This is what the world thinks of the sudden end of the Trump-Kim summit

This has got to sting a little, as must the mockery he's getting from media pretty much everywhere.

President Donald Trump at the press conference following the second US-North Korea summit in Hanoi on February 28, 2019. CREDIT: Saul Loeb/AFP/Getty Images.
President Donald Trump at the press conference following the second US-North Korea summit in Hanoi on February 28, 2019. CREDIT: Saul Loeb/AFP/Getty Images.

If coming back from the Hanoi summit empty-handed wasn’t deflating enough for President Donald Trump, his failure to nail a deal or make real progress on denuclearization is being spun as a victory for North Korea leader Kim Jong-un by the media.

State television in Russia is reporting that Kim “forced the largest imperialist nation to negotiate with him as an equal.”

Russia’s official position is largely, “We don’t know what happened” — or, as a Kremlin spokesperson said, “We don’t now details of this [U.S.] position. We haven’t heard any stance voiced by North Korea’s representatives, we don’t know how exactly the U.S. representatives outlined it.”


In Iran, which has been dealing with the collapse of its own nuclear deal thanks to Trump’s withdrawal last year, its state news outfit Press TV pointed out that “US ‘deal maker in chief’ walked away from Kim summit.”

In fact, there were a lot of jokes about Trump’s deal-making abilities.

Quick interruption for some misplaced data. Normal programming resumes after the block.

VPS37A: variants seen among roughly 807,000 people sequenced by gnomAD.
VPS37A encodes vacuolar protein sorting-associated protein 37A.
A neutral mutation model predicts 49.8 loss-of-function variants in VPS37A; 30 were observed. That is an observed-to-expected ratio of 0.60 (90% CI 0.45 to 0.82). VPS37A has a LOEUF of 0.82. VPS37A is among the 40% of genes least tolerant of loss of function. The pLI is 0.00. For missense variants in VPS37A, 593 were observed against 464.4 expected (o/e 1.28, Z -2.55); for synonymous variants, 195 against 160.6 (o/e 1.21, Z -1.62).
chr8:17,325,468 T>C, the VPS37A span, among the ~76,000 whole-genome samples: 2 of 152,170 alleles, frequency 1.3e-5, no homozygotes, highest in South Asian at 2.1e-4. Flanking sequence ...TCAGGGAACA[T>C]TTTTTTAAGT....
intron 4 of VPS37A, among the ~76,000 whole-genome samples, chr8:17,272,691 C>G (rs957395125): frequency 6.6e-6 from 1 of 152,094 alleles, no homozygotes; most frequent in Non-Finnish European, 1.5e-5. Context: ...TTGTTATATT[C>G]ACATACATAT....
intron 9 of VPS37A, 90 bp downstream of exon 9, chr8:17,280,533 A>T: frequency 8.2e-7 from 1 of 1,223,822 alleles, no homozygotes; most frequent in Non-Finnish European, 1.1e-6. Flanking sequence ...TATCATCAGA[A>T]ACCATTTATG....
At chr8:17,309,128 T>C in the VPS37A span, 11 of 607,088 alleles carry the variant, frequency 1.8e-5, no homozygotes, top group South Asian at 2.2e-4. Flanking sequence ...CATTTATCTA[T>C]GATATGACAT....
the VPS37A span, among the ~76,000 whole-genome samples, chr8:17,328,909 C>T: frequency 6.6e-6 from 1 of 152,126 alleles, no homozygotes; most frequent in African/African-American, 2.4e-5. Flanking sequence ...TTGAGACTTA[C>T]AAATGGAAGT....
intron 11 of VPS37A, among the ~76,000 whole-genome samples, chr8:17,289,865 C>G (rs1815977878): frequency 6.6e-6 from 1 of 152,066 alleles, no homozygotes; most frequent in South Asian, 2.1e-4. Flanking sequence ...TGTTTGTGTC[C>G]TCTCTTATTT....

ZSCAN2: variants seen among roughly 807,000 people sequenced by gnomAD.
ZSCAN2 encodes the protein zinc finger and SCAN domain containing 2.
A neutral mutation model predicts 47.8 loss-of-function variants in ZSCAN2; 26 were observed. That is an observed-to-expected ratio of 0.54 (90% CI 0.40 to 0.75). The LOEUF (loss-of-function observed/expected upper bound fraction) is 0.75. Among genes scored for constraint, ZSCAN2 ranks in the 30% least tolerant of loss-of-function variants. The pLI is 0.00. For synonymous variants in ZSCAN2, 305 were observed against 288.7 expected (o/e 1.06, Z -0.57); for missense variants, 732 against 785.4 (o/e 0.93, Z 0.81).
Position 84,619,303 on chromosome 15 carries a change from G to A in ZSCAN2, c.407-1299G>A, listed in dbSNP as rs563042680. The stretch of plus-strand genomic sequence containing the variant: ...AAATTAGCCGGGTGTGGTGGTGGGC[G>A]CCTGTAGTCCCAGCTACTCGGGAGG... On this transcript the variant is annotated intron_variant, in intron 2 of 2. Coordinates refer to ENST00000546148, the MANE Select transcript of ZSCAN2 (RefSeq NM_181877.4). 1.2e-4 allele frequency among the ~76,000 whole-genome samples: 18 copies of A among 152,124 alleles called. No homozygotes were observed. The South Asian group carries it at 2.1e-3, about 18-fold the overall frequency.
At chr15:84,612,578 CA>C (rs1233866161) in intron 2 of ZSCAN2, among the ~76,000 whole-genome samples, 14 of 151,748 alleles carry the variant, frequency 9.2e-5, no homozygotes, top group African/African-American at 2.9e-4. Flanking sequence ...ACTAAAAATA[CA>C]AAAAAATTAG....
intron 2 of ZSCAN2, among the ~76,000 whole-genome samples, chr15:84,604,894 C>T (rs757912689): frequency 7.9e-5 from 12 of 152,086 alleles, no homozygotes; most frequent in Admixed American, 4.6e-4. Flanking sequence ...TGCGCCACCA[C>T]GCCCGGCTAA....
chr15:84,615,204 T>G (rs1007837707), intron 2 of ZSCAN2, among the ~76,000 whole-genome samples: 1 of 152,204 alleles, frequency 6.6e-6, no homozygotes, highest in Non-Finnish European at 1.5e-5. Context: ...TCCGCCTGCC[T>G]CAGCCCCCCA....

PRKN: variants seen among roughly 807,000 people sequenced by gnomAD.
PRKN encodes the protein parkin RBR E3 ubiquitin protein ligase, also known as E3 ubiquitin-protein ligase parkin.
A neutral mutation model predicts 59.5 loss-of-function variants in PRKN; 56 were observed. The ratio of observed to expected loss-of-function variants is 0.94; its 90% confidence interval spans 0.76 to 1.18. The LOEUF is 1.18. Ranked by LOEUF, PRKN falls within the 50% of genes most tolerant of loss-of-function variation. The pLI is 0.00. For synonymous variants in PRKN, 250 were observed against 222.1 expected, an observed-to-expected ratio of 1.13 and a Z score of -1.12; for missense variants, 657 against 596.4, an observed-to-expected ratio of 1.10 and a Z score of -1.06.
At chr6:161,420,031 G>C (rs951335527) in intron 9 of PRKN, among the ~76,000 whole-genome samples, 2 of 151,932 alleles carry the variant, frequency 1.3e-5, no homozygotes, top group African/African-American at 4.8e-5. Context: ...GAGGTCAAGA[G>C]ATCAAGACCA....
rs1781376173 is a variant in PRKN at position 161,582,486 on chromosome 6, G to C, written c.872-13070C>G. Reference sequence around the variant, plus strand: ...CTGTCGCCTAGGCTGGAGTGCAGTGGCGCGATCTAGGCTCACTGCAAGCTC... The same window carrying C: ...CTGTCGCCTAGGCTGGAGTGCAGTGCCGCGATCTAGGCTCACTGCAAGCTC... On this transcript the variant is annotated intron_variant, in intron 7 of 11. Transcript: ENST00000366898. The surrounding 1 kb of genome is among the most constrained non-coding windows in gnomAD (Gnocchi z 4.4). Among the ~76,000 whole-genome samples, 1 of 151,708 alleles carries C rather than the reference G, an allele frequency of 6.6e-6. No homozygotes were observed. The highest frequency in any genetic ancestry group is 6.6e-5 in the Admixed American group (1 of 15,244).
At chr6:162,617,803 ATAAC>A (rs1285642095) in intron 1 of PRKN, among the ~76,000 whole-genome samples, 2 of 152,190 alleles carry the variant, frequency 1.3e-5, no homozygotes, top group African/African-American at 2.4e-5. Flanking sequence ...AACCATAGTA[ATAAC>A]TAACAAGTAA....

The Evening Standard published a cartoon showing Trump’s book The Art of the Deal thrown in the trash.

The Brits gave the collapse of the talks a range of coverage. The Telegraph was the harshest, summing up the situation as “Trump’s wobble on the world stage tops a miserable week for the president.”

For those wondering how this is being spun in North Korea, it seems we have to wait another day:

Trump’s self-lauded reputation as a deal maker (owing to “The Art of the Deal” — a book he may or may not have written) is also attracting some sick burns on Twitter, from all quarters:

The South China Morning Post, meanwhile, sees a silver lining for China in the collapsed talks, because, the piece goes, “Trump’s failure” (take note of who the piece blames) will increase Beijing’s influence in both the United States and North Korea. The government’s official statement is a diplomatic “there, there” to President Trump, saying an agreement can’t be reached with a couple of summits.


Throwing some shade at Trump’s claims that he’d solved the problem that had plagued so many administrations before his, Chinese foreign ministry spokesman Lu Kang said he had “always hoped that everyone can realise that the nuclear problem on the Korean peninsula has been going on for many years, and that solving this problem is definitely not something that can be achieved overnight.”

He added, “It is not a very easy process, otherwise it would not have dragged on until today.”

South Korea, which has been working hard to lower tensions with its neighbor, taking consistent, systematic steps to establish and repair relations, was by far the most disappointed in hearing that Trump walked away.

While the official line is that President Moon Jae-in is hopeful that future talks will be more fruitful, the media ran pieces with headlines like, “Moratorium put on hope,” and “Is everyone just pretending?